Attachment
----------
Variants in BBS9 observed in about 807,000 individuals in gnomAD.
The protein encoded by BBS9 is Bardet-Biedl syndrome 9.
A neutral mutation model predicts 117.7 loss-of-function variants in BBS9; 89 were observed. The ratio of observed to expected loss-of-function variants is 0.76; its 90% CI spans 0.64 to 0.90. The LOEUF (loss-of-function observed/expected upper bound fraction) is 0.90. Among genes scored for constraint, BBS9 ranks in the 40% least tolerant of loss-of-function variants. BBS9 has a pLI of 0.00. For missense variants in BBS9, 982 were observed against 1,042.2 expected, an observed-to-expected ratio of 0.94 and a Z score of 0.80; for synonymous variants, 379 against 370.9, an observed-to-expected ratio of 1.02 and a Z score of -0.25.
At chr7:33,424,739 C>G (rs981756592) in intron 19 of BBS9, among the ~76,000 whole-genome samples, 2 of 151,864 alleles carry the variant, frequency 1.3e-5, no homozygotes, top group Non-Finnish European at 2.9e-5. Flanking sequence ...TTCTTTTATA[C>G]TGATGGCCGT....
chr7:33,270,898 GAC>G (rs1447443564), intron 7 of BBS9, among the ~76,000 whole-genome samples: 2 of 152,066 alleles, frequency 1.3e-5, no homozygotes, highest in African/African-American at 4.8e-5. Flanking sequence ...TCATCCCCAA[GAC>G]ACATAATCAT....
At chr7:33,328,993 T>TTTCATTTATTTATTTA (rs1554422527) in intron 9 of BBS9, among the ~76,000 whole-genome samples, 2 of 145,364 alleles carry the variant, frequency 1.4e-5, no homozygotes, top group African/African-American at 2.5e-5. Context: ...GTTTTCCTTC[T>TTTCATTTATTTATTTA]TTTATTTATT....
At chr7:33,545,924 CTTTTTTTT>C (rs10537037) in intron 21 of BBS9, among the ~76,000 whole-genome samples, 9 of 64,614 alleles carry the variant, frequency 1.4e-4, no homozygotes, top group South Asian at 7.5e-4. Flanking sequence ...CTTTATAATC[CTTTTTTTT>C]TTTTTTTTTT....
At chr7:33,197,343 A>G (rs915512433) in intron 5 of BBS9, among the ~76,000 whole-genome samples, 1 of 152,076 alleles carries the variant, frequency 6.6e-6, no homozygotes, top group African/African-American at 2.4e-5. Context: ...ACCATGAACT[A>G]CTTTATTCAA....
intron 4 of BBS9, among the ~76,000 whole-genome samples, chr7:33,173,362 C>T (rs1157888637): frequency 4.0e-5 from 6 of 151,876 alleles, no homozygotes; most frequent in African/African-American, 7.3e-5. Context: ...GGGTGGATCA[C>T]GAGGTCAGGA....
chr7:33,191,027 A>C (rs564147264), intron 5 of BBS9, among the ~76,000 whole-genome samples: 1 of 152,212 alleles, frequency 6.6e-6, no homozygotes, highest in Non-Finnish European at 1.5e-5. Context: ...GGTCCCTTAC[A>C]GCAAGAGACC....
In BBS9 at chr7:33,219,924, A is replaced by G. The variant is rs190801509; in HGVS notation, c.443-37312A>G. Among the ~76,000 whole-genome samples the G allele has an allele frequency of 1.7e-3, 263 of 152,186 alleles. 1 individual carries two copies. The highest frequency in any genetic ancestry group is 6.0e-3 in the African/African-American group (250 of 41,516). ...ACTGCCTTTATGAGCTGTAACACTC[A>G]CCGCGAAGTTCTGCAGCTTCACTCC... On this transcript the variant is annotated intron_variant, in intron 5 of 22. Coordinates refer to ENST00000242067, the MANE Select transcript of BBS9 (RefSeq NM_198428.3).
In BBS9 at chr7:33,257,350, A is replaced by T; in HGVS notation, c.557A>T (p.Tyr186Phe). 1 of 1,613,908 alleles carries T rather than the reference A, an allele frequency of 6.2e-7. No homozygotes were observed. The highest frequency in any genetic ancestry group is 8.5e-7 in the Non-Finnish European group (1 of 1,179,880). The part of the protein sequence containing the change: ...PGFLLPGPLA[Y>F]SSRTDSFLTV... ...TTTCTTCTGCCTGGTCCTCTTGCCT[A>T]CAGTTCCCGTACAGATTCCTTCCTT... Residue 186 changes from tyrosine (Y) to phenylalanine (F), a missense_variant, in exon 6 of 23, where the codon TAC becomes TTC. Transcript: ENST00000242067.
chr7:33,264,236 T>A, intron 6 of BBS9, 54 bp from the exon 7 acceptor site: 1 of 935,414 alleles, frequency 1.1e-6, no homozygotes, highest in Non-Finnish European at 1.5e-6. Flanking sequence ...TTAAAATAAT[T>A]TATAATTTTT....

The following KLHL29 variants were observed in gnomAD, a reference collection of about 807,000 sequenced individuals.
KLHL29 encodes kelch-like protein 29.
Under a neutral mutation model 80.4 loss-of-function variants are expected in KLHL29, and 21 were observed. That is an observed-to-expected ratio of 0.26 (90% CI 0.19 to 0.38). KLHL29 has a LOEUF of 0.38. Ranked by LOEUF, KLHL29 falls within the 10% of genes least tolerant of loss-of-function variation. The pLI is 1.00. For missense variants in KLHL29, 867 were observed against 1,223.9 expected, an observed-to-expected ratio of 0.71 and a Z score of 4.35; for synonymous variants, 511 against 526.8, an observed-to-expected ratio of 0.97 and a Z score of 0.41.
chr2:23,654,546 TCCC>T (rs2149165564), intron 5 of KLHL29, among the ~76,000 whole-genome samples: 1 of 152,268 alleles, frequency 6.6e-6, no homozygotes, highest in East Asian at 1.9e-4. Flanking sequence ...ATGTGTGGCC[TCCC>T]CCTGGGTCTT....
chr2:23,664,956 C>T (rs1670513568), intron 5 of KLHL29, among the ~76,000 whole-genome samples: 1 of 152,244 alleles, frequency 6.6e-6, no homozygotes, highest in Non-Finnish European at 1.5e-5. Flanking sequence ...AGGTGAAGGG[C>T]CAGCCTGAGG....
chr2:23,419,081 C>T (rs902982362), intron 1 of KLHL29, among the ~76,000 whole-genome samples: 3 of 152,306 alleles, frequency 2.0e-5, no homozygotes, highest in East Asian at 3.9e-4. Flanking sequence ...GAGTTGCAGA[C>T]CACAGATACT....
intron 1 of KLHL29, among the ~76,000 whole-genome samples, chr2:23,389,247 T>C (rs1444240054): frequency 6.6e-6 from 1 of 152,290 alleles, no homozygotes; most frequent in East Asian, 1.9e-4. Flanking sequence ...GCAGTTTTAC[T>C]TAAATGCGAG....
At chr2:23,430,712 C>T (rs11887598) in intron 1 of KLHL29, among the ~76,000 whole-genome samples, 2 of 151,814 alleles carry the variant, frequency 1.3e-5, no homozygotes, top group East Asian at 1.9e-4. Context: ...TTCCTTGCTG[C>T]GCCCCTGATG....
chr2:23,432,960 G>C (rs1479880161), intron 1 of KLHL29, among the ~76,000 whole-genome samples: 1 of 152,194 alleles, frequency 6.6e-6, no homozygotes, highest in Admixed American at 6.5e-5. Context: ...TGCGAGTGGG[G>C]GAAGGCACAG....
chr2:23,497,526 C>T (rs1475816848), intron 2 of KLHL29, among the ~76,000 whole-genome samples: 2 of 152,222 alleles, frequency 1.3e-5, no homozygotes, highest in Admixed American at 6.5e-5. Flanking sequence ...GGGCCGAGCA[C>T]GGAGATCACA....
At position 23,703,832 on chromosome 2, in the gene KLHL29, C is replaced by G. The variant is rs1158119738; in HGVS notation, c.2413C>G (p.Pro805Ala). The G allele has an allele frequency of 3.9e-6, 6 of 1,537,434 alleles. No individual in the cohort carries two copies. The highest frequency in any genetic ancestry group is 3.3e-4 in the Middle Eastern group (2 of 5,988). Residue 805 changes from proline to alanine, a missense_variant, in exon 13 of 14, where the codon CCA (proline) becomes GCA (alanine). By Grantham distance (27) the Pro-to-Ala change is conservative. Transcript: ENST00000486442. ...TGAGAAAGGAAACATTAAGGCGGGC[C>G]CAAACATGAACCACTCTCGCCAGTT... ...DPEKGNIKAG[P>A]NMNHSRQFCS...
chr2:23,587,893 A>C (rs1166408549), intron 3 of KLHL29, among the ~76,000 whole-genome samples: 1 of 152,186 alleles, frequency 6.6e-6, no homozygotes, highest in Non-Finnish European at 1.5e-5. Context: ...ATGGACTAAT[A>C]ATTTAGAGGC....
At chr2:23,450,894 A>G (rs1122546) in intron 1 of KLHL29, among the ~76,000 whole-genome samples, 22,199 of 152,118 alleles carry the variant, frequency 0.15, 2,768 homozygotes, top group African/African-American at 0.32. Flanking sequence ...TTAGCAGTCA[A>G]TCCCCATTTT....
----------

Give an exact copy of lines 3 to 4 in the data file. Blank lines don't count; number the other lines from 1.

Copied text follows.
A neutral mutation model predicts 117.7 loss-of-function variants in BBS9; 89 were observed. The ratio of observed to expected loss-of-function variants is 0.76; its 90% CI spans 0.64 to 0.90. The LOEUF (loss-of-function observed/expected upper bound fraction) is 0.90. Among genes scored for constraint, BBS9 ranks in the 40% least tolerant of loss-of-function variants. BBS9 has a pLI of 0.00. For missense variants in BBS9, 982 were observed against 1,042.2 expected, an observed-to-expected ratio of 0.94 and a Z score of 0.80; for synonymous variants, 379 against 370.9, an observed-to-expected ratio of 1.02 and a Z score of -0.25.
At chr7:33,424,739 C>G (rs981756592) in intron 19 of BBS9, among the ~76,000 whole-genome samples, 2 of 151,864 alleles carry the variant, frequency 1.3e-5, no homozygotes, top group Non-Finnish European at 2.9e-5. Flanking sequence ...TTCTTTTATA[C>G]TGATGGCCGT....